Four days. Last night when I was trying (unsuccessfully) to get to sleep, I found myself composing text for one of my story ideas, and got up and typed out a few hundred words. This was promising on a couple of levels: first, it’s been awhile since text spontaneously appeared in my brain; second, my wrists appeared none the worse for wear after the half hour or so of typing I did.

My “things to pack” pile grows steadily larger. The luxury of being able to throw whatever I want into my car almost guarantees that I will bring twice as much stuff as I could possibly need. Will I need six pairs of shoes? No. Will I bring that many? Absolutely. And unfortunately I can’t get my old laptop working well enough to bring it, so I’ll be hauling my desktop.

Now I’m off to do some cleaning, so that the apartment will be nice and clean when I leave. Four days. (ack!)


  1. oh my

    I’m a grad of Clarion 05, and it’s so amazing to read the journals of the people who are standing where I was last year. I remember that first day so clearly, wandering around the sorority house picking out a room.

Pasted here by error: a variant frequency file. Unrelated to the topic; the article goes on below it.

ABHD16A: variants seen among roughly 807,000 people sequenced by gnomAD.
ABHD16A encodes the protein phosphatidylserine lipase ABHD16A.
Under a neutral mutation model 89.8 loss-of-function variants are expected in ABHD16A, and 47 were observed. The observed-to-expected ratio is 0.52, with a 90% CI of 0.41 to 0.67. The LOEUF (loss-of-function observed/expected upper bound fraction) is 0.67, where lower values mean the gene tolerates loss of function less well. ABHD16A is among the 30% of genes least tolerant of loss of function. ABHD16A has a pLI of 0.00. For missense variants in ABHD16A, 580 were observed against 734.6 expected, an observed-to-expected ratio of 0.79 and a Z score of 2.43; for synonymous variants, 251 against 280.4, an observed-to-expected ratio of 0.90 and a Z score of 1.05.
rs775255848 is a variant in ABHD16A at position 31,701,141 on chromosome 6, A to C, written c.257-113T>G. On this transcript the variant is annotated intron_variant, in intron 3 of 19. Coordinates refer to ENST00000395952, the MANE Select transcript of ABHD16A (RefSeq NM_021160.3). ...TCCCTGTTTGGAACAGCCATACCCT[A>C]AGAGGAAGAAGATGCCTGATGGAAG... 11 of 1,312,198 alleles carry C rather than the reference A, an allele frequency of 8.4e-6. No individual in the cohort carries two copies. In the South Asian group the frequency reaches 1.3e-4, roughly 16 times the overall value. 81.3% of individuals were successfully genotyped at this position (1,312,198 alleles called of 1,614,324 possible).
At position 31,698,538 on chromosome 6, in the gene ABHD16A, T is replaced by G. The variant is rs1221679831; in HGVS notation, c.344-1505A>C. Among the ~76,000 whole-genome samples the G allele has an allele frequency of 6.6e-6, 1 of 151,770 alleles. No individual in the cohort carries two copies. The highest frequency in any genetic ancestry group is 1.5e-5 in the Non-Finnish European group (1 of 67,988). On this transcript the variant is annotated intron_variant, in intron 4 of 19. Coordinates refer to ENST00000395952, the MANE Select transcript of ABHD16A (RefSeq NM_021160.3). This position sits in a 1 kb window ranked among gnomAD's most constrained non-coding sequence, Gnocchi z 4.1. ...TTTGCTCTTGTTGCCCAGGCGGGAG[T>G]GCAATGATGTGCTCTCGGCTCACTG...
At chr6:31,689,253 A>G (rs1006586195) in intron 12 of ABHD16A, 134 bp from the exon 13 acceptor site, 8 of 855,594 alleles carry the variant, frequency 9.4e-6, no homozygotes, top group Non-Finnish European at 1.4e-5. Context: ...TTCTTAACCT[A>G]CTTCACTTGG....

It’s just the best experience.

    — Kris D.

  2. For me it’s five days, but… yeah. I’ve spazzed out so much in the last few weeks I can’t do it anymore — I’m just too exhausted. I’m hoping I can calm down and get some good, restful sleep this week so that I can start off the workshop feeling grounded.

    I still can’t believe it’s all going to start this weekend. *deeep breaths*

    • Yeah, I definitely want to try to relax a little bit before the workshop starts. If I can manage to get all my cleaning and errands done today, I’m sorely tempted to spend part of tomorrow at the local Korean-style spa. Nothing like soaking in hot water to get rid of the spazzies.

      • Korean-style spa? In the USA? Hahaha, I wonder what that means. I’ve never been in anyplace in North America like a spa here, but that doesn’t mean much. I wonder how similar it is to what they have here…

        I hope you’re feeling well today, too. I haven’t done any actual creative writing in a few days and I really feel awkward about it. I would rather have been writing all kinds of things, but I was so busy with work…

        Ah well. And yeah, I get the sense that reading next year’s Clarion blogs will be entertaining.

        • Since I haven’t ever been to Korea, I can’t say for sure how authentic it is. The website is here: if you’re curious. It might actually be relatively authentic–the women who run it are Korean. What are the spas like over there?

          • Actually, I have to apologize. I have lived here too long, and have started using Konglish words as English. Spa can be used in two senses in Korea: the regular, holy-friggin’-fancy kind of place that this Olympus place sounds like, and the more commonplace bathhouse with extra services, which is the only kind of thing I have experienced.

            The place you linked to sounds more relaxing than the average Jim Jil Bang, so maybe comparison is unfair, but here’s a basic picture: